“Why reinstate teachers fired for bad performance?”

An arbitrator has reinstated 75 teachers dismissed by the Washington, D.C. school system during their 2-year probationary period — not after achieving tenure — for such infractions as perennial absence or tardiness, “rude and aggressive” behavior and “sketchy or nonexistent lesson plans.” “[Arbitrator Charles] Feigenbaum said that the teachers had been denied due process because they were not given reasons for their terminations. It’s a mind-boggling decision that essentially affords probationary teachers some of the rights that protect tenured teachers.” [Washington Post editorial] For another indication of the legal constraints on employee selection faced by the D.C. schools, see this 2001 post.


  • Arbitrator decisions consistently have me scratching my head.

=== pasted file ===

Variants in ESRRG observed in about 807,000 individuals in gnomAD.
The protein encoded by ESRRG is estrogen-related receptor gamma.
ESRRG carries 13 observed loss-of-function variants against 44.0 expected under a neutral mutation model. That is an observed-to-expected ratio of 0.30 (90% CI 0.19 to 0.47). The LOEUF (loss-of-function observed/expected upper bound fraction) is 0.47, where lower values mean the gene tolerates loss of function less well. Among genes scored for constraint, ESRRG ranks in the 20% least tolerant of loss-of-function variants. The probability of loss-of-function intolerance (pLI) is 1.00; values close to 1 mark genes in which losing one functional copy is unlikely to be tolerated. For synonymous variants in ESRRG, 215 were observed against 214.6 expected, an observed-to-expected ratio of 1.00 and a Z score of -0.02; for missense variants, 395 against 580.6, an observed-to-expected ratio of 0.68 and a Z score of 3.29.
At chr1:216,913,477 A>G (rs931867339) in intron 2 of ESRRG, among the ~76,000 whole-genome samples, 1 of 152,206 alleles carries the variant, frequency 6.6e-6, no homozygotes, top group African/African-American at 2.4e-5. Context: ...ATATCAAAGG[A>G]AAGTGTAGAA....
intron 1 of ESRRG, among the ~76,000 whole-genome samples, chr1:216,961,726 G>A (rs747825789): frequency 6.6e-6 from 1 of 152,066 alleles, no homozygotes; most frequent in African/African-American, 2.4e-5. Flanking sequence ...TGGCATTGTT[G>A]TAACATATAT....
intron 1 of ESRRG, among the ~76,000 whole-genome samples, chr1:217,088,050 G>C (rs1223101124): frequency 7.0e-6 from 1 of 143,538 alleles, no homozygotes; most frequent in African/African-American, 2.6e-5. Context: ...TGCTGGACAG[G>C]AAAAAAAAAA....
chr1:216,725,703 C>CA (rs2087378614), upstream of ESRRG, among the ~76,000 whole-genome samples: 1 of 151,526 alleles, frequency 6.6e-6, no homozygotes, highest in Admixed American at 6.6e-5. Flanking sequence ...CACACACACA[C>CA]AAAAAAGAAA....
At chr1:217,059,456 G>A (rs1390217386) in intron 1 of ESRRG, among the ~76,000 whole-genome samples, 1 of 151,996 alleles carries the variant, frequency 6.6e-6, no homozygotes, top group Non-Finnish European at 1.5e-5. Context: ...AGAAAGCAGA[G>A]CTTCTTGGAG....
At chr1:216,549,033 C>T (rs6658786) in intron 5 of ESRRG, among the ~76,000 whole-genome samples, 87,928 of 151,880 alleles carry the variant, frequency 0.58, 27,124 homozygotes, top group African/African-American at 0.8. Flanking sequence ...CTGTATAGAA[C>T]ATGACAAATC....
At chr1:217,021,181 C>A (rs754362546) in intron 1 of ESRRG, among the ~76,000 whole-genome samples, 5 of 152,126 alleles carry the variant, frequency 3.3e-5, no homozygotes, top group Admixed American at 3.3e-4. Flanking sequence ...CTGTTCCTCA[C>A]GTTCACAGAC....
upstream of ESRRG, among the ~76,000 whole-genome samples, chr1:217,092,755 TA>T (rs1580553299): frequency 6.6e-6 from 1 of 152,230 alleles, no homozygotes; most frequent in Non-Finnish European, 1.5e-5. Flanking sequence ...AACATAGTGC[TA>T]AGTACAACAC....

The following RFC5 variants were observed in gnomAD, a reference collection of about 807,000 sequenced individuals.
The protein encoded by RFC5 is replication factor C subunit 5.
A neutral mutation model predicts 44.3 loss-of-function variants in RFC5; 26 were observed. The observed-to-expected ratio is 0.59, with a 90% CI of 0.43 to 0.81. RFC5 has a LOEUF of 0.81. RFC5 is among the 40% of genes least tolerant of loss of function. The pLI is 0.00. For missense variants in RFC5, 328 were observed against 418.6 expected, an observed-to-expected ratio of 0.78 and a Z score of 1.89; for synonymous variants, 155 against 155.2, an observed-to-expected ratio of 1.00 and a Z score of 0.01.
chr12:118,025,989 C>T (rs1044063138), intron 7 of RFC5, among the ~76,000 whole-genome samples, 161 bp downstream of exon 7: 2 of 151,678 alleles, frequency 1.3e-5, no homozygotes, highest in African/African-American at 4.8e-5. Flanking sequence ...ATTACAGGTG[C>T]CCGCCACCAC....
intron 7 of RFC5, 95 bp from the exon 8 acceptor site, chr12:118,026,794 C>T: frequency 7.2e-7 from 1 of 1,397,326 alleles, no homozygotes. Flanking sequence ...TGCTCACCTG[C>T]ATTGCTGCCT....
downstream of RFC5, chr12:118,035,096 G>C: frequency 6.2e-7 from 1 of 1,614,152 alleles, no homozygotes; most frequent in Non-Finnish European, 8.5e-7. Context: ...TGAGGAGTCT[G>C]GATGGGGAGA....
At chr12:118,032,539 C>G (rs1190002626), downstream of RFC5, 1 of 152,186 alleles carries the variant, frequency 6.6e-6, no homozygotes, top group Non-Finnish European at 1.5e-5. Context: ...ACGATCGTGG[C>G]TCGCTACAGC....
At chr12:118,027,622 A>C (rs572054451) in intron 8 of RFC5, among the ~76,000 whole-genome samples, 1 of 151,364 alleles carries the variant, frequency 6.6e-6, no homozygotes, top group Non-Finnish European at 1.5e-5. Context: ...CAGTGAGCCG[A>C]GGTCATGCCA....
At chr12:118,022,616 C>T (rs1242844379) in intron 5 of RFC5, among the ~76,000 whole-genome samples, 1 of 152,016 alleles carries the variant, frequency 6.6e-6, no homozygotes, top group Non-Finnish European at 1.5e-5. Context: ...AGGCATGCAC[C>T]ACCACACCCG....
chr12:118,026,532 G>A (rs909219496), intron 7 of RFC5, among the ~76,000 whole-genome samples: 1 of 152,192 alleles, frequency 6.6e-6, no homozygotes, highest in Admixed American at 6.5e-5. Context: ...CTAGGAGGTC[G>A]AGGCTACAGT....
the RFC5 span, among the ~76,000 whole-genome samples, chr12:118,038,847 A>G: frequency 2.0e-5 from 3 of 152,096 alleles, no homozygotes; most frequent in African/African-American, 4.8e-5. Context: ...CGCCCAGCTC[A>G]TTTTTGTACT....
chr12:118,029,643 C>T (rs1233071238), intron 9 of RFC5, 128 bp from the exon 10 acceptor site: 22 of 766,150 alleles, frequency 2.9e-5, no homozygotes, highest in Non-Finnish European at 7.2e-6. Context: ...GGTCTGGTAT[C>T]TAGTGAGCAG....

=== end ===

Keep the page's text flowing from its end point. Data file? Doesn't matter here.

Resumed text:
Their decisions seem to defy common sense and are anti-employer.

    I know there was much hope that these panels would be more efficient but they seem anything but neutral.

  • I’m unclear on the basis for the arbitrator’s decision. The cited editorial indicates the probationary teachers were fired “for cause.” If so, they are entitled to a minimal opportunity for a “name clearing” process to counter the allegation. Usually when firing a public entity probationary employee, you don’t provide any information as to the reason to avoid just that problem.

  • What the hell is the point of having a probationary period in employment if employees in probation have similar job security rights as employees out of probation?

    The thing is that this sort of decision actually works against the employment prospects of many people because it makes hiring “questionable” people more risky. Employers are often willing to give someone a chance at a job because they know they have the escape hatch of the probationary period to terminiate them if they don’t work out. Without that escape hatch, employers will be more reluctant to hire such people.